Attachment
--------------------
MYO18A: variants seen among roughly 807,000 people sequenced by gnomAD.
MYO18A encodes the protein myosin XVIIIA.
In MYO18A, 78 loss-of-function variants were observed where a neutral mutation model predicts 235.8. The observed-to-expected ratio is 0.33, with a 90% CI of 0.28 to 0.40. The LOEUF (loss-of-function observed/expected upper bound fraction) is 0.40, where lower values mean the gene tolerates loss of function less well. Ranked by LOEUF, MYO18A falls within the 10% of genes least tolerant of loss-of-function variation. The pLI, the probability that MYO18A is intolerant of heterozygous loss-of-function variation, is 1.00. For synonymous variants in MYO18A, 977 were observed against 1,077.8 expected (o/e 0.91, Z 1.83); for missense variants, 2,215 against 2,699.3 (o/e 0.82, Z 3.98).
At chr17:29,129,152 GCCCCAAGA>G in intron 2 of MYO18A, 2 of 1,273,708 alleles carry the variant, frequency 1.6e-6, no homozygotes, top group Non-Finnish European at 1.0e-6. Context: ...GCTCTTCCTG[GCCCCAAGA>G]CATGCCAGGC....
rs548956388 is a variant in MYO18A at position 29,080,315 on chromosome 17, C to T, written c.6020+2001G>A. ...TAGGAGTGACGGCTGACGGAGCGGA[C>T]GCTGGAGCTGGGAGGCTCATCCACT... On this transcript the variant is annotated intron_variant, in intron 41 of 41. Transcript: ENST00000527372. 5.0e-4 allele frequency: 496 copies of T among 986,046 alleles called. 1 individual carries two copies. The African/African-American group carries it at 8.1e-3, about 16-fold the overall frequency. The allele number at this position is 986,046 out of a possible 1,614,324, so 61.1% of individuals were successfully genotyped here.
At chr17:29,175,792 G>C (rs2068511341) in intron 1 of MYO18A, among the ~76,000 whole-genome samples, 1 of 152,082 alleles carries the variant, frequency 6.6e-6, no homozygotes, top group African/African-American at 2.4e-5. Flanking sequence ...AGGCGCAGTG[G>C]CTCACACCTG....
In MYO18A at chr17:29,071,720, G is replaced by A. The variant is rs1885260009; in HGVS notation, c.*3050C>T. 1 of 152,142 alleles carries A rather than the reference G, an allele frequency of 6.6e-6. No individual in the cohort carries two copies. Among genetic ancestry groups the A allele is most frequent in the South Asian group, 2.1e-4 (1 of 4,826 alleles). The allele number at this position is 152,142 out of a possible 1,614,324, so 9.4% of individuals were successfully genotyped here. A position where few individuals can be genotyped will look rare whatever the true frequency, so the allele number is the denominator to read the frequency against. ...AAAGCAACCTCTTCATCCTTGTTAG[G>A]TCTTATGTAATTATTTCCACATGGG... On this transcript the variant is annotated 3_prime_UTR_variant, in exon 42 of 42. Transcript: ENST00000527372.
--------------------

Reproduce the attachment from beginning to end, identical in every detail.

MYO18A: variants seen among roughly 807,000 people sequenced by gnomAD.
MYO18A encodes the protein myosin XVIIIA.
In MYO18A, 78 loss-of-function variants were observed where a neutral mutation model predicts 235.8. The observed-to-expected ratio is 0.33, with a 90% CI of 0.28 to 0.40. The LOEUF (loss-of-function observed/expected upper bound fraction) is 0.40, where lower values mean the gene tolerates loss of function less well. Ranked by LOEUF, MYO18A falls within the 10% of genes least tolerant of loss-of-function variation. The pLI, the probability that MYO18A is intolerant of heterozygous loss-of-function variation, is 1.00. For synonymous variants in MYO18A, 977 were observed against 1,077.8 expected (o/e 0.91, Z 1.83); for missense variants, 2,215 against 2,699.3 (o/e 0.82, Z 3.98).
At chr17:29,129,152 GCCCCAAGA>G in intron 2 of MYO18A, 2 of 1,273,708 alleles carry the variant, frequency 1.6e-6, no homozygotes, top group Non-Finnish European at 1.0e-6. Context: ...GCTCTTCCTG[GCCCCAAGA>G]CATGCCAGGC....
rs548956388 is a variant in MYO18A at position 29,080,315 on chromosome 17, C to T, written c.6020+2001G>A. ...TAGGAGTGACGGCTGACGGAGCGGA[C>T]GCTGGAGCTGGGAGGCTCATCCACT... On this transcript the variant is annotated intron_variant, in intron 41 of 41. Transcript: ENST00000527372. 5.0e-4 allele frequency: 496 copies of T among 986,046 alleles called. 1 individual carries two copies. The African/African-American group carries it at 8.1e-3, about 16-fold the overall frequency. The allele number at this position is 986,046 out of a possible 1,614,324, so 61.1% of individuals were successfully genotyped here.
At chr17:29,175,792 G>C (rs2068511341) in intron 1 of MYO18A, among the ~76,000 whole-genome samples, 1 of 152,082 alleles carries the variant, frequency 6.6e-6, no homozygotes, top group African/African-American at 2.4e-5. Flanking sequence ...AGGCGCAGTG[G>C]CTCACACCTG....
In MYO18A at chr17:29,071,720, G is replaced by A. The variant is rs1885260009; in HGVS notation, c.*3050C>T. 1 of 152,142 alleles carries A rather than the reference G, an allele frequency of 6.6e-6. No individual in the cohort carries two copies. Among genetic ancestry groups the A allele is most frequent in the South Asian group, 2.1e-4 (1 of 4,826 alleles). The allele number at this position is 152,142 out of a possible 1,614,324, so 9.4% of individuals were successfully genotyped here. A position where few individuals can be genotyped will look rare whatever the true frequency, so the allele number is the denominator to read the frequency against. ...AAAGCAACCTCTTCATCCTTGTTAG[G>A]TCTTATGTAATTATTTCCACATGGG... On this transcript the variant is annotated 3_prime_UTR_variant, in exon 42 of 42. Transcript: ENST00000527372.